Acoustic startle and its prepulse inhibition were assessed using a startle apparatus setup (Med Associates Inc., VT, USA) including four identical sound-attenuating cubicles. The protocol is based on the Eumorphia protocol (http://www.empress.har.mrc.ac.uk), adapted to the specifications of our startle equipment, and constantly used in the primary screen of the GMC . Background noise was 65 dB, and startle pulses were bursts of white noise (40 ms). A session was initiated with a 5-min-acclimation period followed by five presentations of leader startle pulses (110 dB) that were excluded from statistical analysis. Trial types included prepulse alone trials at four different sound pressure levels (67, 69, 73, 81 dB), and trials in which each prepulse preceded the startle pulse (110 dB) by a 50 ms inter-stimulus interval. Each trial type was presented ten times in random order, organized in ten blocks, each trial type occurring once per block. Inter-trial intervals varied from 20 to 30 s.
cDNA of rat Mlf2 (NCBI Gene ID: 312709) containing an N-terminal HA-tag was expressed from a lentiviral vector driven by human ubiquitin promoter (FUW2-HA). Previously described (GA)175-GFP cDNA expressed from a synthetic gene lacking repetitive (ggggcc)n sequences with ATG start codon and EGFP was cloned in a lentiviral packing vector (FhSynW2) containing the human synapsin promoter . Lentivirus was produced in HEK293FT cells (Life Technologies) as described previously .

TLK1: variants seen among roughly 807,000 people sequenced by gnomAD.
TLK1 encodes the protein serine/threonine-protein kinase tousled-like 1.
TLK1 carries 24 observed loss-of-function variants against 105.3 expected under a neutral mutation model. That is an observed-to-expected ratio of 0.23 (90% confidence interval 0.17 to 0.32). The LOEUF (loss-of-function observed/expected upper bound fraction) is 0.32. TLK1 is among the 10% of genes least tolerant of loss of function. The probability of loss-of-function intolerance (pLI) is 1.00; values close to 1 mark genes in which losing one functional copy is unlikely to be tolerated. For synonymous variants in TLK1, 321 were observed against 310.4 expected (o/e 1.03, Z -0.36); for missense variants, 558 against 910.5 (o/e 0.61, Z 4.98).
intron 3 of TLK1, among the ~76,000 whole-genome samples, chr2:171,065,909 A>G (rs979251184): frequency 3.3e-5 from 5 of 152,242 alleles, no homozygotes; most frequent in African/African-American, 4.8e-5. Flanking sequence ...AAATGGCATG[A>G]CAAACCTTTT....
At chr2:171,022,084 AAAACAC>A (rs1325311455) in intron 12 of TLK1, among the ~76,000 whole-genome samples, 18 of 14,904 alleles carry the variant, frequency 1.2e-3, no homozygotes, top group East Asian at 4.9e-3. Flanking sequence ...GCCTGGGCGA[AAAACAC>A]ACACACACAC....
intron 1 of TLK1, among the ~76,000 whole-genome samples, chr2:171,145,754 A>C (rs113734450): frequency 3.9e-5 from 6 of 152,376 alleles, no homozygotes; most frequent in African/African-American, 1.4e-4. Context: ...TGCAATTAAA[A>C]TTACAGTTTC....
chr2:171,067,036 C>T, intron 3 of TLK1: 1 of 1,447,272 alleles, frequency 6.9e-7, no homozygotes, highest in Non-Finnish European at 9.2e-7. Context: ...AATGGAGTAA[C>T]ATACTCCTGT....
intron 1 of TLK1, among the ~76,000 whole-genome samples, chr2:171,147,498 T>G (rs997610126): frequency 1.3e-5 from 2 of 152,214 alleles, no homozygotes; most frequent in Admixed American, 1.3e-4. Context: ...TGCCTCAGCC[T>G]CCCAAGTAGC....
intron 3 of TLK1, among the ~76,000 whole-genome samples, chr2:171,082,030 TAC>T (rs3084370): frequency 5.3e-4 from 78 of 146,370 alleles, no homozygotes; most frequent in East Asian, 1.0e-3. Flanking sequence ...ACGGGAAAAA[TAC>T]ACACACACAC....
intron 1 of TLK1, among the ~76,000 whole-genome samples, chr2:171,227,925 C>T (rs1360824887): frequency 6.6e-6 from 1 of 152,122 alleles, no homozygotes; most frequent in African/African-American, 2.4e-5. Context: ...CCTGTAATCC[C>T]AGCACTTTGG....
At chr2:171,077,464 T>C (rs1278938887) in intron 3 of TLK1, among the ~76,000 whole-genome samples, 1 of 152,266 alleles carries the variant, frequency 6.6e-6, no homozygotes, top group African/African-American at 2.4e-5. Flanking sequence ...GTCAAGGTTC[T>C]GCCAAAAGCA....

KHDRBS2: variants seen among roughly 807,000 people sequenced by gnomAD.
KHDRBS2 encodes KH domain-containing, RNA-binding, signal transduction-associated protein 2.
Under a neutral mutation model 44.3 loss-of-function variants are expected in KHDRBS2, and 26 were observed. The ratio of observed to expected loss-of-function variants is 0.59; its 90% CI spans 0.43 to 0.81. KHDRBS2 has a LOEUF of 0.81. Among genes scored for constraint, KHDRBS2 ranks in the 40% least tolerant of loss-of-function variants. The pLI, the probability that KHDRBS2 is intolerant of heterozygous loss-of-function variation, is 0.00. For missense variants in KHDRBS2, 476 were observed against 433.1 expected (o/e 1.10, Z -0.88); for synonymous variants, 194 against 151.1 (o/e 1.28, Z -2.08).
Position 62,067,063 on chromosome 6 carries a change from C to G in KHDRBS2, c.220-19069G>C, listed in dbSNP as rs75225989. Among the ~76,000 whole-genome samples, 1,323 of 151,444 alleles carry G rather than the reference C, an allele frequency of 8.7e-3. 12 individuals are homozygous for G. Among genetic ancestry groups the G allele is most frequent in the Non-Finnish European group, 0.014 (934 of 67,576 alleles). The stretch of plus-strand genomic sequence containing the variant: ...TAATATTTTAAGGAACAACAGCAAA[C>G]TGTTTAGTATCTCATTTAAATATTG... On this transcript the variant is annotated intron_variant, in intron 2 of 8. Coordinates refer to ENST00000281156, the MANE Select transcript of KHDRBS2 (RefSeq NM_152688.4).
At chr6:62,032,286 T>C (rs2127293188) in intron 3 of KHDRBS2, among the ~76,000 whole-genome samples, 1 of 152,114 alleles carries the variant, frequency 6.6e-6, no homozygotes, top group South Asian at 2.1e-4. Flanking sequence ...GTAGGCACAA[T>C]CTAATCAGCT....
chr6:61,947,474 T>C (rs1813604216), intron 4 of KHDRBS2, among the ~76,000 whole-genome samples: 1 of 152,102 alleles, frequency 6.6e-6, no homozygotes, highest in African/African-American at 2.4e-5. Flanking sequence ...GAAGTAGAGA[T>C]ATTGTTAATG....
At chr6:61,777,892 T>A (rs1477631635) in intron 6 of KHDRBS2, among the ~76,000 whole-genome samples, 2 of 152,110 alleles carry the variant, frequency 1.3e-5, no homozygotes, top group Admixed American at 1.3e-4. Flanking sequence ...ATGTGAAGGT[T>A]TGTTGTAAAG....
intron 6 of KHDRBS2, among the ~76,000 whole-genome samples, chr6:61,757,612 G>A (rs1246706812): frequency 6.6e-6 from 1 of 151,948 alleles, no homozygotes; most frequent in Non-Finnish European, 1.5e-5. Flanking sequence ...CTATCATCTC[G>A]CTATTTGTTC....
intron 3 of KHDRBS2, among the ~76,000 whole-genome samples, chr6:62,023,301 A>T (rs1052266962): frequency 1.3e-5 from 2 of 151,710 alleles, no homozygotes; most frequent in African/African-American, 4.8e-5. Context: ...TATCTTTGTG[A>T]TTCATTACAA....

Primary hippocampal neurons from embryonic day 19 rats were cultured and transduced with lentivirus as described previously . Immunofluorescence staining was performed on 10 min PFA (4% paraformaldehyde and 4% sucrose) fixed primary neurons. The primary and secondary antibodies were diluted in GDB buffer (0.1% gelatin, 0.3% Triton X-100, 450 mM NaCl, 16 mM sodium phosphate pH 7.4) and incubated over night at 4 °C or 1 h at room temperature. Confocal images were taken using a LSM710 confocal laser scanning system (Carl Zeiss, Jena, Germany) with 40× or 63× oil immersion objectives. RNA isolation and qPCR was performed as described previously  using the following primers (CD68 ttctgctgtggaaatgcaag and gagaaacatggcccgaagt; Iba1 acagcaatgatgaggatctgc and ctctaggtgggtcttgggaac; GFAP tttctcggatctggaggttg and agatcgccacctacaggaaa; ACTB atggaggggaatacagccc and ttctttgcagctccttcgtt; GAPDH caacagcaactcccactcttc and ggtccagggtttcttactcctt).